As always, Tuesday night’s Budget delivered very few surprises, with most of its contents strategically leaked to the media in the days and weeks prior to Jim Chalmers’ big moment.
Spoilers have been the name of the game in Canberra for a long time, designed to ensure there’s no big shocks on Budget night itself, and to test the waters just in case they’ve read the room horribly wrong.
Jim Chalmers had plenty to crow about on Tuesday night: the Budget is back in black for the first time in 15 years, with the government on track to deliver a $4 billion surplus.
The forecast ahead is much better than what the previous Coalition government was predicting, but one question remains: does anybody care?
Politically, and for the country as a whole, it’s good news, and Labor is eager to quash the constant talk that it doesn’t know how to manage money. A budget surplus certainly puts paid to that, for now.
But Chalmers’ trademark smile would have done little to ease the pressure in lounge rooms across the country on Tuesday night, as cost-of-living pressures increase and more love letters from banks about interest rates land in the mailbox.
Labor campaigned strongly on wage growth and easing cost-of-living pressures during the election campaign but since coming to power has conceded much of those challenges are outside of the government’s control.
There is some action it can take, of course. As part of the Budget on Tuesday night, Chalmers announced that pensioners, people on other income support payments and some small businesses would have their energy bills subsidised by up to $500.
It’s a win, but here’s the problem: people of all income levels are feeling the pinch at present, and there is a growing discontent from middle Australia that very little help comes their way when it comes to tackling cost-of-living.
A family living in Penrith right now with two jobs, not on income support and raising a couple of kids still very much shrieks in horror when the electricity bill lands every quarter.
They’re still trying to figure out cheaper meals to curb the rising cost of heading to Woolworths or Coles, and are scrapping planned holidays.
Those on Job Seeker will get an extra $40 a fortnight, but a hard working family in Penrith is likely sitting back, looking at that and wondering what they need to do to get $40 extra in their pocket.
Governments like to be seen as helping those who need it most which is why pensioners, low income earners and those on support payments are always front and centre with major announcements.
And not for a moment am I suggesting that shouldn’t be the case; it is a government’s responsibility to ensure support gets to the right people.
But more and more people are feeling forgotten by governments.
A couple without kids, trying to get ahead, would look at the Budget on Tuesday night and struggle to find anything that speaks to them. They would feel that because they’re not considered “on the brink”, they’re on their own to sort things out.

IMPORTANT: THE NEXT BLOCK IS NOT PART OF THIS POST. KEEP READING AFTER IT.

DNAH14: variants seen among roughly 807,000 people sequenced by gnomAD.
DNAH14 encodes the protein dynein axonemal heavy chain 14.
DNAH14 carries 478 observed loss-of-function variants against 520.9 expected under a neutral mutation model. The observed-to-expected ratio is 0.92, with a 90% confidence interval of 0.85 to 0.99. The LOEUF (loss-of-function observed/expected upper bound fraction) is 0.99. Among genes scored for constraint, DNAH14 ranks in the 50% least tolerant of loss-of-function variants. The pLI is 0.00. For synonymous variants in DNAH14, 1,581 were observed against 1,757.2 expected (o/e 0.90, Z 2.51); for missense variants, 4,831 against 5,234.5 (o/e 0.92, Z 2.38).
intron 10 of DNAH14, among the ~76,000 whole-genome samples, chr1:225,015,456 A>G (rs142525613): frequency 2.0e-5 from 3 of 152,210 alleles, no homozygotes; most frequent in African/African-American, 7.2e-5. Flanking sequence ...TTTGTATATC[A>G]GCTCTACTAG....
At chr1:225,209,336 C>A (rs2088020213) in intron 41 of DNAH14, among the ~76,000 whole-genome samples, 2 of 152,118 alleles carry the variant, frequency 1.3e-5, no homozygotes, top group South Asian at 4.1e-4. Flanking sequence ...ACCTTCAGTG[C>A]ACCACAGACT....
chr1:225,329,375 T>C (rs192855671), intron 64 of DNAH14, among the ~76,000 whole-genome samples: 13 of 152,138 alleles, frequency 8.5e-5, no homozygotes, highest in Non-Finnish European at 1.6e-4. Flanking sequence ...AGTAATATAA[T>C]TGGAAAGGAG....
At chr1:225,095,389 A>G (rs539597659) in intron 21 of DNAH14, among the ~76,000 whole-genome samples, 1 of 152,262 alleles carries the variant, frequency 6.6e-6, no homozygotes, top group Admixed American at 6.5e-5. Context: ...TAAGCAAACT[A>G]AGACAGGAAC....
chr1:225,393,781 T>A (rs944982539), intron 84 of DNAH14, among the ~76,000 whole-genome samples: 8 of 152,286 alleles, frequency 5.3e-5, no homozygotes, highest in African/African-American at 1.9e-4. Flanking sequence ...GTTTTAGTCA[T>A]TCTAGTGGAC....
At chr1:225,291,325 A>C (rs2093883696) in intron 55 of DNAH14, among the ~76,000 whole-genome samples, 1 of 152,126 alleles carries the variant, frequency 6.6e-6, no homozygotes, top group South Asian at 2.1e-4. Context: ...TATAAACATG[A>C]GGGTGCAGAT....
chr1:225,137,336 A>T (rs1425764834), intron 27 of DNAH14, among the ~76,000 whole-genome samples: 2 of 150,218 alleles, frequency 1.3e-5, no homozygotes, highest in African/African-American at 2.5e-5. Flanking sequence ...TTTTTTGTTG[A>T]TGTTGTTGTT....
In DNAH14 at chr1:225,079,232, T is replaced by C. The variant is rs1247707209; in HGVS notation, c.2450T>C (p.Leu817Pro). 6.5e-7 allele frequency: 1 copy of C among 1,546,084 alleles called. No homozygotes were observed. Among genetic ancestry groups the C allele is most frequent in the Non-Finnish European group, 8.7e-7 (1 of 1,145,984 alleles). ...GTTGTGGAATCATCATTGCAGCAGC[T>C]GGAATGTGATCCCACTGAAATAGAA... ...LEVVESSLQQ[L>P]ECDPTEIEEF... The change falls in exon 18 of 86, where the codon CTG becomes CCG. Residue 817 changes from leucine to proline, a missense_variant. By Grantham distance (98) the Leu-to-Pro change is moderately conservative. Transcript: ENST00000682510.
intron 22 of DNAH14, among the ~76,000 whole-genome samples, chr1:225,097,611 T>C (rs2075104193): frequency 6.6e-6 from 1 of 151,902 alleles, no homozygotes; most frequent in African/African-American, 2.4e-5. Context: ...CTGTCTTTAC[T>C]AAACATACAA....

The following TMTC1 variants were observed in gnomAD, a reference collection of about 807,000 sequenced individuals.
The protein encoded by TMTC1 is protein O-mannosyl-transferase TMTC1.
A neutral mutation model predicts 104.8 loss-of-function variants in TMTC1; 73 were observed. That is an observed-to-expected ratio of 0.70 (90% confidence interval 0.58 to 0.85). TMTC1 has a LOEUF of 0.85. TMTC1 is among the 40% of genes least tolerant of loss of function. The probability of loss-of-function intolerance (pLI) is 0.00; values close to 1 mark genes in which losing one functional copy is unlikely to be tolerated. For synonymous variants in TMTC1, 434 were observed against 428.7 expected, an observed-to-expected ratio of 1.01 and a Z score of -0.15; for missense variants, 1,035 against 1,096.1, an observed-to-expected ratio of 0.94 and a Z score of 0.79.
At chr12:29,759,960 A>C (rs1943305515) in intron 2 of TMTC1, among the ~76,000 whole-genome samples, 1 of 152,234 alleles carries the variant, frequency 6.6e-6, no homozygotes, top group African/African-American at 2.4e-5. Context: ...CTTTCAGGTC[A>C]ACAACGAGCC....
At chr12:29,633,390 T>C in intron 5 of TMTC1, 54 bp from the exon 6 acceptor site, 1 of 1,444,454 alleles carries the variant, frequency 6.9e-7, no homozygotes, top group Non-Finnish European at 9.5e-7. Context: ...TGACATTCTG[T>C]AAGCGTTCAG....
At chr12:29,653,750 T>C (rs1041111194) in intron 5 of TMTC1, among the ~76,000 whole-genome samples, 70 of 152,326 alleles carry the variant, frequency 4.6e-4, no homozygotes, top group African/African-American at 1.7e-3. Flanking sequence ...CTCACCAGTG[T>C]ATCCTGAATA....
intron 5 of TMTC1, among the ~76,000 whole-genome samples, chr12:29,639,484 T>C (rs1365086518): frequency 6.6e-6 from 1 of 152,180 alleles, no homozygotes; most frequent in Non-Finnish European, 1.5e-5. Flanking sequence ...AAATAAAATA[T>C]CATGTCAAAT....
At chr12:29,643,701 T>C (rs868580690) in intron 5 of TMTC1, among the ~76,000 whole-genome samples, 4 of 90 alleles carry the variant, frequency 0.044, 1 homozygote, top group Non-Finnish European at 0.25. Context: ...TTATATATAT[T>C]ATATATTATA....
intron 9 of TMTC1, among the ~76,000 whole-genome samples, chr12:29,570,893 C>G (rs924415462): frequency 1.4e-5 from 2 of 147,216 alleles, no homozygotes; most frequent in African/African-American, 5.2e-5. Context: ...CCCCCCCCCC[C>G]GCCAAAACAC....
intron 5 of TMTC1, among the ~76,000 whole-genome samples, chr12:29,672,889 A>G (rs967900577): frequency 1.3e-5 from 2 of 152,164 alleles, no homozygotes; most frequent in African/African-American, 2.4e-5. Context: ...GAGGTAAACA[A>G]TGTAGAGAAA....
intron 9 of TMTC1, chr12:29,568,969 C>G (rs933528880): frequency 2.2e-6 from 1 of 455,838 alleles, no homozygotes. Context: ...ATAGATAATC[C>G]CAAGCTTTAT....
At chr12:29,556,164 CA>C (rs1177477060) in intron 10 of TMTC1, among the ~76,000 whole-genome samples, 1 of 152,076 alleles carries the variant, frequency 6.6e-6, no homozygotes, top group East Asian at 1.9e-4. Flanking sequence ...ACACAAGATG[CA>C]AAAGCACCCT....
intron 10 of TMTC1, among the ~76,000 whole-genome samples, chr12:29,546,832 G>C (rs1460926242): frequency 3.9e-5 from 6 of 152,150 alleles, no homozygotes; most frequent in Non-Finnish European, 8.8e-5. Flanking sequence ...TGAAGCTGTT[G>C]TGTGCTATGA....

None of this is to suggest Chalmers could have or should have necessarily done better.
Governments can’t just hand out money to everyone, except for extraordinary circumstances, and this will forever be the challenge of being in charge of the nation’s purse strings.
But out there right now, constant interest rate rises and soaring prices of basics have otherwise comfortable individuals and families not just deciding to cut Netflix or Stan, but to get a second job.
That’s the kind of territory we find ourselves in at present.
We have a generation of homebuyers mortgaged to the hilt, who bought when interest rates were at record lows.
Indeed, I bought my first house back in 2011 – and the first time I experienced an interest rate rise was last year.
Anyone unprepared for such increases, potentially hanging by a thread as it was, would find themselves in real trouble at the moment, especially those about to come off fixed rate mortgages.
Even if you’ve done well for yourself in the last decade or so, much of it is being eaten away: petrol prices almost doubled, and have barely come down from their highs; grocery bills skyrocketed; an interstate holiday feels like a financial burden and electricity prices have you questioning every light left on for a second longer than it should be.
And along the way, a Labor government came to power last year on a promise of higher wages and cheaper electricity prices.
For many people out there today, neither has happened, or will happen any time soon.
Small business is the backbone of Australia but if you find anyone employed in private enterprise at the moment who is getting regular pay rises, you’ve found a rare soul indeed.
Labor has to be very careful with how it sells this Budget.
Chalmers and Anthony Albanese deserve their moment in the sun, but their celebration about a Budget surplus, while so many Australians are wondering how they’ll pay for childcare next week, must be tempered.
Labor came to power because much of middle Australia hoped that it would spark change in their personal circumstances: a change yet to eventuate.
Troy Dodds is the Weekender’s Managing Editor and Breaking News Reporter. He has more than 20 years experience as a journalist, working with some of Australia’s leading media organisations. In 2023, he was named Editor of the Year at the Mumbrella Publish Awards.